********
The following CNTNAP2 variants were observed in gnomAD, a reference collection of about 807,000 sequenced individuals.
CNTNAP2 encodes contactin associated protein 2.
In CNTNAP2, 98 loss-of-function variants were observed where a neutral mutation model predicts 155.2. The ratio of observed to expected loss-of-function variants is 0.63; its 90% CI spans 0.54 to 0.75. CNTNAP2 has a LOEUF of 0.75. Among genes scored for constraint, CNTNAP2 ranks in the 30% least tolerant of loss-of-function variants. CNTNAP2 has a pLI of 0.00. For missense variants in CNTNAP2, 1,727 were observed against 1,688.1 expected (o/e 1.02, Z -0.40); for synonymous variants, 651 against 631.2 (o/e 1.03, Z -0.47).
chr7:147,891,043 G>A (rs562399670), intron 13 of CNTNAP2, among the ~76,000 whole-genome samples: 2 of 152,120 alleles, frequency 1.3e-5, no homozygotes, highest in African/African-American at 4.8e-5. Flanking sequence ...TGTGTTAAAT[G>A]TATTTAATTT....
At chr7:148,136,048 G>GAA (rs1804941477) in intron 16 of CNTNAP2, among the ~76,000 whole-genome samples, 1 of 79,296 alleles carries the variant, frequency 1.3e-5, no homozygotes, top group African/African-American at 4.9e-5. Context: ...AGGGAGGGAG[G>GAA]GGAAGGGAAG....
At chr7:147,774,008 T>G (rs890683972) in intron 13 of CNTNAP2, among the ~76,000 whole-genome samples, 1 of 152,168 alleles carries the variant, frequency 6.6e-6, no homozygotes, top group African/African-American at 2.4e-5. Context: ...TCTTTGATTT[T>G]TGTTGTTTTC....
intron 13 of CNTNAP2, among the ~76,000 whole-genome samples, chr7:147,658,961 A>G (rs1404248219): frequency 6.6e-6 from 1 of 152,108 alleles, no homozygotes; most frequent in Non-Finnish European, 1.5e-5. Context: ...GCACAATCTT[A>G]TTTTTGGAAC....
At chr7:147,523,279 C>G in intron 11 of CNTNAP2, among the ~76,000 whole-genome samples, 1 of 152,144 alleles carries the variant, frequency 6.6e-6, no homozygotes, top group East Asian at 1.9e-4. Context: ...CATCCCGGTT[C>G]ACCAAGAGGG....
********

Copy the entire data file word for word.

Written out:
The following CNTNAP2 variants were observed in gnomAD, a reference collection of about 807,000 sequenced individuals.
CNTNAP2 encodes contactin associated protein 2.
In CNTNAP2, 98 loss-of-function variants were observed where a neutral mutation model predicts 155.2. The ratio of observed to expected loss-of-function variants is 0.63; its 90% CI spans 0.54 to 0.75. CNTNAP2 has a LOEUF of 0.75. Among genes scored for constraint, CNTNAP2 ranks in the 30% least tolerant of loss-of-function variants. CNTNAP2 has a pLI of 0.00. For missense variants in CNTNAP2, 1,727 were observed against 1,688.1 expected (o/e 1.02, Z -0.40); for synonymous variants, 651 against 631.2 (o/e 1.03, Z -0.47).
chr7:147,891,043 G>A (rs562399670), intron 13 of CNTNAP2, among the ~76,000 whole-genome samples: 2 of 152,120 alleles, frequency 1.3e-5, no homozygotes, highest in African/African-American at 4.8e-5. Flanking sequence ...TGTGTTAAAT[G>A]TATTTAATTT....
At chr7:148,136,048 G>GAA (rs1804941477) in intron 16 of CNTNAP2, among the ~76,000 whole-genome samples, 1 of 79,296 alleles carries the variant, frequency 1.3e-5, no homozygotes, top group African/African-American at 4.9e-5. Context: ...AGGGAGGGAG[G>GAA]GGAAGGGAAG....
At chr7:147,774,008 T>G (rs890683972) in intron 13 of CNTNAP2, among the ~76,000 whole-genome samples, 1 of 152,168 alleles carries the variant, frequency 6.6e-6, no homozygotes, top group African/African-American at 2.4e-5. Context: ...TCTTTGATTT[T>G]TGTTGTTTTC....
intron 13 of CNTNAP2, among the ~76,000 whole-genome samples, chr7:147,658,961 A>G (rs1404248219): frequency 6.6e-6 from 1 of 152,108 alleles, no homozygotes; most frequent in Non-Finnish European, 1.5e-5. Context: ...GCACAATCTT[A>G]TTTTTGGAAC....
At chr7:147,523,279 C>G in intron 11 of CNTNAP2, among the ~76,000 whole-genome samples, 1 of 152,144 alleles carries the variant, frequency 6.6e-6, no homozygotes, top group East Asian at 1.9e-4. Context: ...CATCCCGGTT[C>G]ACCAAGAGGG....